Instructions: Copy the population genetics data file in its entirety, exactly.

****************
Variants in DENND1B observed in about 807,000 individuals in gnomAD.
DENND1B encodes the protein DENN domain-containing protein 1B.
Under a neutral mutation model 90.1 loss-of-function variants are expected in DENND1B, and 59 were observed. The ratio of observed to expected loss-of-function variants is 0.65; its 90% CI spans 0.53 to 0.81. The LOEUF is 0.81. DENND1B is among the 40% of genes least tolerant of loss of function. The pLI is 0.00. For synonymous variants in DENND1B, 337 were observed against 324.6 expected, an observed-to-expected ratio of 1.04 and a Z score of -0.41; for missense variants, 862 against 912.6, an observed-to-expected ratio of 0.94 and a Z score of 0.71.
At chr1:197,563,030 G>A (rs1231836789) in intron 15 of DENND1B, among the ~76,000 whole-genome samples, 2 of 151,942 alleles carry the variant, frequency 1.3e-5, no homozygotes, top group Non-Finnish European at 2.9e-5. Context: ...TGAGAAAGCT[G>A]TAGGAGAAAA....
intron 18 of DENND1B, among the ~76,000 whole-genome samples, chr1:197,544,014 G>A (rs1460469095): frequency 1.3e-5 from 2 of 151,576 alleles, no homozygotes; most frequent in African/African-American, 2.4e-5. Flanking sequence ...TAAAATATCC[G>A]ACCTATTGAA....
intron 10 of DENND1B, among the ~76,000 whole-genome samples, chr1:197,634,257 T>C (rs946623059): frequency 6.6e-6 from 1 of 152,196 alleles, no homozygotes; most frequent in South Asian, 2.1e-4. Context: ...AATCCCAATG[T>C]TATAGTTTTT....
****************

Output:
Variants in DENND1B observed in about 807,000 individuals in gnomAD.
DENND1B encodes the protein DENN domain-containing protein 1B.
Under a neutral mutation model 90.1 loss-of-function variants are expected in DENND1B, and 59 were observed. The ratio of observed to expected loss-of-function variants is 0.65; its 90% CI spans 0.53 to 0.81. The LOEUF is 0.81. DENND1B is among the 40% of genes least tolerant of loss of function. The pLI is 0.00. For synonymous variants in DENND1B, 337 were observed against 324.6 expected, an observed-to-expected ratio of 1.04 and a Z score of -0.41; for missense variants, 862 against 912.6, an observed-to-expected ratio of 0.94 and a Z score of 0.71.
At chr1:197,563,030 G>A (rs1231836789) in intron 15 of DENND1B, among the ~76,000 whole-genome samples, 2 of 151,942 alleles carry the variant, frequency 1.3e-5, no homozygotes, top group Non-Finnish European at 2.9e-5. Context: ...TGAGAAAGCT[G>A]TAGGAGAAAA....
intron 18 of DENND1B, among the ~76,000 whole-genome samples, chr1:197,544,014 G>A (rs1460469095): frequency 1.3e-5 from 2 of 151,576 alleles, no homozygotes; most frequent in African/African-American, 2.4e-5. Flanking sequence ...TAAAATATCC[G>A]ACCTATTGAA....
intron 10 of DENND1B, among the ~76,000 whole-genome samples, chr1:197,634,257 T>C (rs946623059): frequency 6.6e-6 from 1 of 152,196 alleles, no homozygotes; most frequent in South Asian, 2.1e-4. Context: ...AATCCCAATG[T>C]TATAGTTTTT....